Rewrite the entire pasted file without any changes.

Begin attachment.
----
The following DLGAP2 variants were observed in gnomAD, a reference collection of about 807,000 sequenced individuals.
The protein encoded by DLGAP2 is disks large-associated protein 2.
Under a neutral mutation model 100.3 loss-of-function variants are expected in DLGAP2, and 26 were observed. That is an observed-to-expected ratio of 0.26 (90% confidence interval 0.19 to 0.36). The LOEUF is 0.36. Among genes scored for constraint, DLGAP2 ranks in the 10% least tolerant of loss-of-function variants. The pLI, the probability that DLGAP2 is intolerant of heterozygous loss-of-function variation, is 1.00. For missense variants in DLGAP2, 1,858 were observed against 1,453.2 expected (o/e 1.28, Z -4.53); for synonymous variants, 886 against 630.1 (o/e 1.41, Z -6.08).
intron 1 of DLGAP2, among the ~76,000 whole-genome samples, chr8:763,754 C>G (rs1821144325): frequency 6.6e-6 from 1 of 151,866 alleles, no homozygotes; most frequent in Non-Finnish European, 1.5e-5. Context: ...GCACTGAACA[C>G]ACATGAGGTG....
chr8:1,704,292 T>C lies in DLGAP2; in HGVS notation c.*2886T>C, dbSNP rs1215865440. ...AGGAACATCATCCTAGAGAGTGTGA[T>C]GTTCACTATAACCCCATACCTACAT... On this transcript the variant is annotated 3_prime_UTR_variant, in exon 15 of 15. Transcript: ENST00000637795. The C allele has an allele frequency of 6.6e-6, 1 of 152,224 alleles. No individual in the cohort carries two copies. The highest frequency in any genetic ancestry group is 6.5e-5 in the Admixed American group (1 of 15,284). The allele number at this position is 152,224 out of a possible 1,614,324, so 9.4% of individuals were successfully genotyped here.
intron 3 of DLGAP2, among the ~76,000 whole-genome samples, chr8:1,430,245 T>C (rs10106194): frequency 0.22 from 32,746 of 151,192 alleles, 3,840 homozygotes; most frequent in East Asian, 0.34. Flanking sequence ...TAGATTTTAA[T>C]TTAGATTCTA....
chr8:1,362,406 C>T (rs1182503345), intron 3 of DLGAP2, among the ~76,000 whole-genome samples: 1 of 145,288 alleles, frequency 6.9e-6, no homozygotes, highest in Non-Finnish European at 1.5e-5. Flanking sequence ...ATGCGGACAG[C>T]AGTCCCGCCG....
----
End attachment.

The following DLGAP2 variants were observed in gnomAD, a reference collection of about 807,000 sequenced individuals.
The protein encoded by DLGAP2 is disks large-associated protein 2.
Under a neutral mutation model 100.3 loss-of-function variants are expected in DLGAP2, and 26 were observed. That is an observed-to-expected ratio of 0.26 (90% confidence interval 0.19 to 0.36). The LOEUF is 0.36. Among genes scored for constraint, DLGAP2 ranks in the 10% least tolerant of loss-of-function variants. The pLI, the probability that DLGAP2 is intolerant of heterozygous loss-of-function variation, is 1.00. For missense variants in DLGAP2, 1,858 were observed against 1,453.2 expected (o/e 1.28, Z -4.53); for synonymous variants, 886 against 630.1 (o/e 1.41, Z -6.08).
intron 1 of DLGAP2, among the ~76,000 whole-genome samples, chr8:763,754 C>G (rs1821144325): frequency 6.6e-6 from 1 of 151,866 alleles, no homozygotes; most frequent in Non-Finnish European, 1.5e-5. Context: ...GCACTGAACA[C>G]ACATGAGGTG....
chr8:1,704,292 T>C lies in DLGAP2; in HGVS notation c.*2886T>C, dbSNP rs1215865440. ...AGGAACATCATCCTAGAGAGTGTGA[T>C]GTTCACTATAACCCCATACCTACAT... On this transcript the variant is annotated 3_prime_UTR_variant, in exon 15 of 15. Transcript: ENST00000637795. The C allele has an allele frequency of 6.6e-6, 1 of 152,224 alleles. No individual in the cohort carries two copies. The highest frequency in any genetic ancestry group is 6.5e-5 in the Admixed American group (1 of 15,284). The allele number at this position is 152,224 out of a possible 1,614,324, so 9.4% of individuals were successfully genotyped here.
intron 3 of DLGAP2, among the ~76,000 whole-genome samples, chr8:1,430,245 T>C (rs10106194): frequency 0.22 from 32,746 of 151,192 alleles, 3,840 homozygotes; most frequent in East Asian, 0.34. Flanking sequence ...TAGATTTTAA[T>C]TTAGATTCTA....
chr8:1,362,406 C>T (rs1182503345), intron 3 of DLGAP2, among the ~76,000 whole-genome samples: 1 of 145,288 alleles, frequency 6.9e-6, no homozygotes, highest in Non-Finnish European at 1.5e-5. Flanking sequence ...ATGCGGACAG[C>T]AGTCCCGCCG....